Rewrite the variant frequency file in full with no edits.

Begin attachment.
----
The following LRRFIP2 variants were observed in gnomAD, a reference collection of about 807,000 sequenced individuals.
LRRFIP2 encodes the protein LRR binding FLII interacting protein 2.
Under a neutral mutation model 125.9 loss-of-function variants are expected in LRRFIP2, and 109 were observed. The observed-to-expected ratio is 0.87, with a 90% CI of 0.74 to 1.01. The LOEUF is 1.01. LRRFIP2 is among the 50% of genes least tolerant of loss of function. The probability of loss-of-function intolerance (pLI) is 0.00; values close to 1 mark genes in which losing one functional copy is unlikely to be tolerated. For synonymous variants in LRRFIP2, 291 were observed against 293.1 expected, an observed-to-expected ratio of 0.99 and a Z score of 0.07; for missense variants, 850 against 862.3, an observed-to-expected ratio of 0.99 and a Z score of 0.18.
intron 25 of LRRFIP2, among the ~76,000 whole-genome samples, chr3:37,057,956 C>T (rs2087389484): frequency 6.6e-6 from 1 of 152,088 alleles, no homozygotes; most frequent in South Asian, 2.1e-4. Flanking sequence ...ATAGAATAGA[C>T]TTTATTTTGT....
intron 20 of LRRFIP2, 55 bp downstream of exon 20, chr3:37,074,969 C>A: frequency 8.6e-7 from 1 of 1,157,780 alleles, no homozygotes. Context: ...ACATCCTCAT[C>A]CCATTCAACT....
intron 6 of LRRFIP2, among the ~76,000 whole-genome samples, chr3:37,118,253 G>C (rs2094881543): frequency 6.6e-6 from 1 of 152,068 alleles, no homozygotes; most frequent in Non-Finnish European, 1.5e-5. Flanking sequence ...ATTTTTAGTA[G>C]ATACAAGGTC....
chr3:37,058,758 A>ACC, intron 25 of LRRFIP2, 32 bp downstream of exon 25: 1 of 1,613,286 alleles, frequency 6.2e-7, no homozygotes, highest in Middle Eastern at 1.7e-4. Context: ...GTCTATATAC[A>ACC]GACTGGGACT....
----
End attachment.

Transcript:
The following LRRFIP2 variants were observed in gnomAD, a reference collection of about 807,000 sequenced individuals.
LRRFIP2 encodes the protein LRR binding FLII interacting protein 2.
Under a neutral mutation model 125.9 loss-of-function variants are expected in LRRFIP2, and 109 were observed. The observed-to-expected ratio is 0.87, with a 90% CI of 0.74 to 1.01. The LOEUF is 1.01. LRRFIP2 is among the 50% of genes least tolerant of loss of function. The probability of loss-of-function intolerance (pLI) is 0.00; values close to 1 mark genes in which losing one functional copy is unlikely to be tolerated. For synonymous variants in LRRFIP2, 291 were observed against 293.1 expected, an observed-to-expected ratio of 0.99 and a Z score of 0.07; for missense variants, 850 against 862.3, an observed-to-expected ratio of 0.99 and a Z score of 0.18.
intron 25 of LRRFIP2, among the ~76,000 whole-genome samples, chr3:37,057,956 C>T (rs2087389484): frequency 6.6e-6 from 1 of 152,088 alleles, no homozygotes; most frequent in South Asian, 2.1e-4. Flanking sequence ...ATAGAATAGA[C>T]TTTATTTTGT....
intron 20 of LRRFIP2, 55 bp downstream of exon 20, chr3:37,074,969 C>A: frequency 8.6e-7 from 1 of 1,157,780 alleles, no homozygotes. Context: ...ACATCCTCAT[C>A]CCATTCAACT....
intron 6 of LRRFIP2, among the ~76,000 whole-genome samples, chr3:37,118,253 G>C (rs2094881543): frequency 6.6e-6 from 1 of 152,068 alleles, no homozygotes; most frequent in Non-Finnish European, 1.5e-5. Flanking sequence ...ATTTTTAGTA[G>C]ATACAAGGTC....
chr3:37,058,758 A>ACC, intron 25 of LRRFIP2, 32 bp downstream of exon 25: 1 of 1,613,286 alleles, frequency 6.2e-7, no homozygotes, highest in Middle Eastern at 1.7e-4. Context: ...GTCTATATAC[A>ACC]GACTGGGACT....